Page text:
Next week in the United States is designated as National Minority Cancer Awareness Week. While cancer affects men and women of every age, race, ethnic background, and economic class, the disease has a disproportionately severe impact on minorities and the economically disadvantaged. National Minority Cancer Awareness Week promotes increased awareness of prevention and treatment among those segments of the populations that are at greater risk of developing cancer. The week’s emphasis gives clinicians, healthcare professionals, and researchers an opportunity to focus on high-risk populations and to develop creative approaches to battling cancer problems unique to these communities.
The Centers for Disease Control and Prevention (CDC) report that cancer death rates for women are highest among African Americans, followed by Caucasians, Hispanics, and Asian/Pacific Islanders. Cancer is the leading cause of death for female Asian Americans since 1980. Colon cancer continues to kill more African Americans than Caucasians for reasons that are not completely understood. According to the Intercultural Cancer Council, this is due in large part to delayed diagnosis coupled with less than appropriate patient care. In addition, individuals of all ethnic backgrounds who are poor, lack health insurance, or otherwise have inadequate access to quality cancer treatment experience higher cancer incidence, higher mortality rates, and lower survival rates. As a result, members of these populations may put off the expense of seeing a doctor until they are very sick and are diagnosed at a later stage, and thus have a poorer chance of survival.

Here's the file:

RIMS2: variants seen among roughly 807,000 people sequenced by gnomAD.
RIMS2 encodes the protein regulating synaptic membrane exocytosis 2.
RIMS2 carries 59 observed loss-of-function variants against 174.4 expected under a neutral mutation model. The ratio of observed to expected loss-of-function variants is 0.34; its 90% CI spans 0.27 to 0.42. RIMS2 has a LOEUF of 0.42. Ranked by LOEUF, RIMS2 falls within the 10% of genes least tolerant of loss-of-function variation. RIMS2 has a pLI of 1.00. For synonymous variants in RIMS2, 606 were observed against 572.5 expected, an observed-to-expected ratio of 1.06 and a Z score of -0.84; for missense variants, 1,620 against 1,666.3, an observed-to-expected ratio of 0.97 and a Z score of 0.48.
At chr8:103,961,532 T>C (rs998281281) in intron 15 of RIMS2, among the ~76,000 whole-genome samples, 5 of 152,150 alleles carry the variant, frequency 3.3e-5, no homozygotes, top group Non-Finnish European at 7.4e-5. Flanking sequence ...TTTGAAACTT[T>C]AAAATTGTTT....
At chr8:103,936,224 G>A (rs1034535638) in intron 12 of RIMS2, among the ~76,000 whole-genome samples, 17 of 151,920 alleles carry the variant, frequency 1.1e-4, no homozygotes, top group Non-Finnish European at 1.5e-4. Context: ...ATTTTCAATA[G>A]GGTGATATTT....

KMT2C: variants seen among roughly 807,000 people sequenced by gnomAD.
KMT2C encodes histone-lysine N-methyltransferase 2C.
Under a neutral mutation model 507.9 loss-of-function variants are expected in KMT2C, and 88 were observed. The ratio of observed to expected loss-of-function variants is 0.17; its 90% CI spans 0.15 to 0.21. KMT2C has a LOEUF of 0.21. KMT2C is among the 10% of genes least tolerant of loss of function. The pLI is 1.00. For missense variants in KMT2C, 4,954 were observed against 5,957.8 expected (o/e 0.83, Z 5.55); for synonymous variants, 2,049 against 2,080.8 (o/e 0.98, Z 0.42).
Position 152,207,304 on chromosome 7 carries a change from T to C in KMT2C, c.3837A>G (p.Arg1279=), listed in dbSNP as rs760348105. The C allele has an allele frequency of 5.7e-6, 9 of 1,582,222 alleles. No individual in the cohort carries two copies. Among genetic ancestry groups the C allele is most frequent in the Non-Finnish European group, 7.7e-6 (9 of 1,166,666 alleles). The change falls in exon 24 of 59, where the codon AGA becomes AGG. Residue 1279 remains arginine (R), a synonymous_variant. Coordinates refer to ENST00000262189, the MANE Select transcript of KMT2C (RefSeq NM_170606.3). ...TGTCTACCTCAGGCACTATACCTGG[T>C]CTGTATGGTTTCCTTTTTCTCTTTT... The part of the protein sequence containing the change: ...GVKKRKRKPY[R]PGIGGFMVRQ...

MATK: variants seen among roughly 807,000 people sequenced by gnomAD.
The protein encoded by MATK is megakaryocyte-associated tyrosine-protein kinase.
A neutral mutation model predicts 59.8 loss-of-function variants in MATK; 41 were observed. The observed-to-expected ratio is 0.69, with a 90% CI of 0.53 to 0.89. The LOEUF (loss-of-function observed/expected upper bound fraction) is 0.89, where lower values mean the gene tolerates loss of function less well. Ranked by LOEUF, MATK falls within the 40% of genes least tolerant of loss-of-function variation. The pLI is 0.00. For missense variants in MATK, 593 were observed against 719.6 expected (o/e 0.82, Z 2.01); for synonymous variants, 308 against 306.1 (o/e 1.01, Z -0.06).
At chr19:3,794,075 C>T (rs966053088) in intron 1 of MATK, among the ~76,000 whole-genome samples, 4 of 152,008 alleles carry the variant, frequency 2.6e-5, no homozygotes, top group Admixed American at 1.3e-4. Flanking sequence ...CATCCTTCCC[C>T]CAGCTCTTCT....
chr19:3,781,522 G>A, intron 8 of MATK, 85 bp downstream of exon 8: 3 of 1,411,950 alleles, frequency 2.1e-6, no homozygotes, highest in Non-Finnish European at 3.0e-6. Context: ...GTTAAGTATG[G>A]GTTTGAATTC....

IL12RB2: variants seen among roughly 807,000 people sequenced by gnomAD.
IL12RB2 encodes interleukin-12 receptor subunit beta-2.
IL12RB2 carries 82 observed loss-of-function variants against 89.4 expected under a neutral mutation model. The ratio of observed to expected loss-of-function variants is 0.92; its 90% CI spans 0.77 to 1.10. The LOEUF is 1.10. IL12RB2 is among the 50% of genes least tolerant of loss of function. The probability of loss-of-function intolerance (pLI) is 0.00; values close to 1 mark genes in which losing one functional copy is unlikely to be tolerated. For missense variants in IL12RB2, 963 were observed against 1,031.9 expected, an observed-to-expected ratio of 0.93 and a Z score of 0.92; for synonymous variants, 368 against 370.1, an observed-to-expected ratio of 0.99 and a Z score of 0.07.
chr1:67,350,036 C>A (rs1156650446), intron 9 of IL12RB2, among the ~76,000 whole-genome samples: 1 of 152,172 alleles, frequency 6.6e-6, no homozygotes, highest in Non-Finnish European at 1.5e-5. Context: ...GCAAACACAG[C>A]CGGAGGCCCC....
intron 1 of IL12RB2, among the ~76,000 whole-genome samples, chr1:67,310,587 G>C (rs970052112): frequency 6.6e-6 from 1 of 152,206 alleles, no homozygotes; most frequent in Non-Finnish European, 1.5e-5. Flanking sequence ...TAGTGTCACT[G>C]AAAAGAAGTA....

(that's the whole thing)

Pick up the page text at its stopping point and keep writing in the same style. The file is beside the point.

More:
Key Statistics about Cancer in Minorities from the American Cancer Society:
- African-Americans have the highest death rate and shortest survival following diagnosis of any racial and ethnic group in the U.S. for most cancers.
- It is estimated that about 169,000 new cancer cases will be diagnosed among African-Americans by year’s end. Approximately 66,000 African-Americans will die from cancer.
- The most commonly diagnosed cancers among African-American men are prostate, lung and colorectal.
- Among African-American women, the most common cancers are breast, lung and colorectal. • Nearly 99,000 new cancer cases in Hispanic men and women were diagnosed in 2009. Among Hispanics, there were 29,000 cancer deaths.
- Prostate cancer is the most commonly diagnosed cancer in Hispanic men, while lung cancer accounts for the largest percentage of deaths in that group.
- Breast cancer is both the most commonly diagnosed cancer and the leading cause of cancer death among Hispanic women.
- Among Asian Indian and Pakistani women, breast cancer is the most diagnosed cancer and the leading cause of cancer death. (National Cancer Institute)